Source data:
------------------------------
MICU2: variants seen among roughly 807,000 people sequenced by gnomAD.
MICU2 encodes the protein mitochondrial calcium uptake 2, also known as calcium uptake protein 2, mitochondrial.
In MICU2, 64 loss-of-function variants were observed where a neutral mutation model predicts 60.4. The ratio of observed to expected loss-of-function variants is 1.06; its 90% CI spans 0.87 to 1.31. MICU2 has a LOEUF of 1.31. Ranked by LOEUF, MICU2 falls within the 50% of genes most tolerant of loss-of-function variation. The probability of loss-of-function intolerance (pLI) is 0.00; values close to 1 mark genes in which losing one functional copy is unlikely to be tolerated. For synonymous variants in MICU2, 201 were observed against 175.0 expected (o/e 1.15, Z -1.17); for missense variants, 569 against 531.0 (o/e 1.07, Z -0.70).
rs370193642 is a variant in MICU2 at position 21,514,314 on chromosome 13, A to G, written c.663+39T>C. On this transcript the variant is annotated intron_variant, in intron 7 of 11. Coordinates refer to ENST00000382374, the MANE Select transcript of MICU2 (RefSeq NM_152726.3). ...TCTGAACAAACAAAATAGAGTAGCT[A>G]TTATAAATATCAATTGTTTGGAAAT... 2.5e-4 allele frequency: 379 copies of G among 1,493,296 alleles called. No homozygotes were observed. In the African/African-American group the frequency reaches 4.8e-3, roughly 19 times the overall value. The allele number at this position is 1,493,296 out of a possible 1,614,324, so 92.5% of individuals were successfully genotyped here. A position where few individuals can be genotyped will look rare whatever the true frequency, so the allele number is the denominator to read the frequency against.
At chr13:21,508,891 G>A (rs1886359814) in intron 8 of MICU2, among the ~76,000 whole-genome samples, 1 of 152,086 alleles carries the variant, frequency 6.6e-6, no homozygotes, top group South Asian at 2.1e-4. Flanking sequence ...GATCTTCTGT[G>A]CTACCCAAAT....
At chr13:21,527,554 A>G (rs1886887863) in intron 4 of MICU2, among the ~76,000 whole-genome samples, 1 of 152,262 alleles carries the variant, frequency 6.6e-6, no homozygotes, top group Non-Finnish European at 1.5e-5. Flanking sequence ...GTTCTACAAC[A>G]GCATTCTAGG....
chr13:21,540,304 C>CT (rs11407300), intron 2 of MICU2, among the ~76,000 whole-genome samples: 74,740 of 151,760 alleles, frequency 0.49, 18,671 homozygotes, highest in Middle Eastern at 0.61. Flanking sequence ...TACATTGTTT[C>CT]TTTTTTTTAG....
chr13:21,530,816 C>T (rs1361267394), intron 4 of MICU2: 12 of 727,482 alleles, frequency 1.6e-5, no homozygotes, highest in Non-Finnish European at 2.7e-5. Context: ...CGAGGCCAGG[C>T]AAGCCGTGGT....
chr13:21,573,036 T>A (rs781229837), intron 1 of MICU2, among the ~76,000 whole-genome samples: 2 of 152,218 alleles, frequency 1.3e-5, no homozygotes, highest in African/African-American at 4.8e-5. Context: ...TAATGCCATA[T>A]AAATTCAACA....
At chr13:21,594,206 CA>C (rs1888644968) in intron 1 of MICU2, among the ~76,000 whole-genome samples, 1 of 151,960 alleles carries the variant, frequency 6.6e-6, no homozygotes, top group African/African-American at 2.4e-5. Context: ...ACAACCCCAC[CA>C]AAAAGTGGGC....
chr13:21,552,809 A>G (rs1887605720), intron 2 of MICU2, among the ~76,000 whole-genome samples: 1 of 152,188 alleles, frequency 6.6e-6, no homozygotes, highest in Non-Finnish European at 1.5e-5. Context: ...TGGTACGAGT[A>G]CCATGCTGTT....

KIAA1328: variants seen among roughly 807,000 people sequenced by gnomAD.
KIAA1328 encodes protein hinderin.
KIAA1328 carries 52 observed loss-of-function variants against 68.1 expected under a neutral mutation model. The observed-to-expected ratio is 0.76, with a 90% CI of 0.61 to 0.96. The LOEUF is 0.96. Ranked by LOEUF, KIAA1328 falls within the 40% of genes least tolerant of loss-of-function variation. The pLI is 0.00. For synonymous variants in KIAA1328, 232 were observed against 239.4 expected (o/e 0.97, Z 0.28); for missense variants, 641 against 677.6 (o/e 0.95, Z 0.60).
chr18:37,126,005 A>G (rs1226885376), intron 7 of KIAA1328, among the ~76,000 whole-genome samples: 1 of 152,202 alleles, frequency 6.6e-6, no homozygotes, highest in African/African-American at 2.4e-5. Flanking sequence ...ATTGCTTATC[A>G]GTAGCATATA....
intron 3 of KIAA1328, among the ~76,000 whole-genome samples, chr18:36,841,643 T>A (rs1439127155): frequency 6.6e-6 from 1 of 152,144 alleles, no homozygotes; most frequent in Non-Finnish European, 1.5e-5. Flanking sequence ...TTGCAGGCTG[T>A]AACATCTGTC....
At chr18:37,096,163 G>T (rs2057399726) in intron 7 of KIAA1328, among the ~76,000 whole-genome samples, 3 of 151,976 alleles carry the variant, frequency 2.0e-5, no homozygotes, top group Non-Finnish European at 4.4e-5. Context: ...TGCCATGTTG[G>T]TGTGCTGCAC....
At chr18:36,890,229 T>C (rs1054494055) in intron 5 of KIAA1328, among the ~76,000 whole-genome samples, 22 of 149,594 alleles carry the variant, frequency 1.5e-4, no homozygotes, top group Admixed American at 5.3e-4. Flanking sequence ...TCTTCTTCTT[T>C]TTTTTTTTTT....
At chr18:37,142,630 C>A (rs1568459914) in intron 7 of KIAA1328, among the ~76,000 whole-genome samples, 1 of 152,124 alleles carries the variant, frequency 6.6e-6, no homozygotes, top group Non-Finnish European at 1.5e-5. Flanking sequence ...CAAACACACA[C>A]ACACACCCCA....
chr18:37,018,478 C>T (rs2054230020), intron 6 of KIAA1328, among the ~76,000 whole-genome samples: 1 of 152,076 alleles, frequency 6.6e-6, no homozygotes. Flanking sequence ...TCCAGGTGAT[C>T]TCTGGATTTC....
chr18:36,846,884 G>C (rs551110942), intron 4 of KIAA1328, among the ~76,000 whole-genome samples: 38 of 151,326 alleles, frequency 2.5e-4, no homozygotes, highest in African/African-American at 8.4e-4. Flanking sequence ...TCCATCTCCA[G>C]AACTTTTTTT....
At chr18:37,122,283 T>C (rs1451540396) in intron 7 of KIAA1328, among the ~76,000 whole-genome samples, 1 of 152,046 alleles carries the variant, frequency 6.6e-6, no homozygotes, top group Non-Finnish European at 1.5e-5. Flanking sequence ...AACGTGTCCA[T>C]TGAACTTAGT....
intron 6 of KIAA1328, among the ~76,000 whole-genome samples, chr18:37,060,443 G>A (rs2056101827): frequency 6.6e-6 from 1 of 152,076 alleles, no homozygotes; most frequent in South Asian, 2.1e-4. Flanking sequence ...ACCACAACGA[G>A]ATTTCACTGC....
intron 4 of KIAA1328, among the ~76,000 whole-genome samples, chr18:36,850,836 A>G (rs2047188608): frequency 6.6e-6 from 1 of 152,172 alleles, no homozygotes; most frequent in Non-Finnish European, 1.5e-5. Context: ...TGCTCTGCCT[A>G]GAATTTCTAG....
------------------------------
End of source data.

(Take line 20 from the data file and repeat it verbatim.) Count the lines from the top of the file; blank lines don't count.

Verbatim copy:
chr18:37,018,478 C>T (rs2054230020), intron 6 of KIAA1328, among the ~76,000 whole-genome samples: 1 of 152,076 alleles, frequency 6.6e-6, no homozygotes. Flanking sequence ...TCCAGGTGAT[C>T]TCTGGATTTC....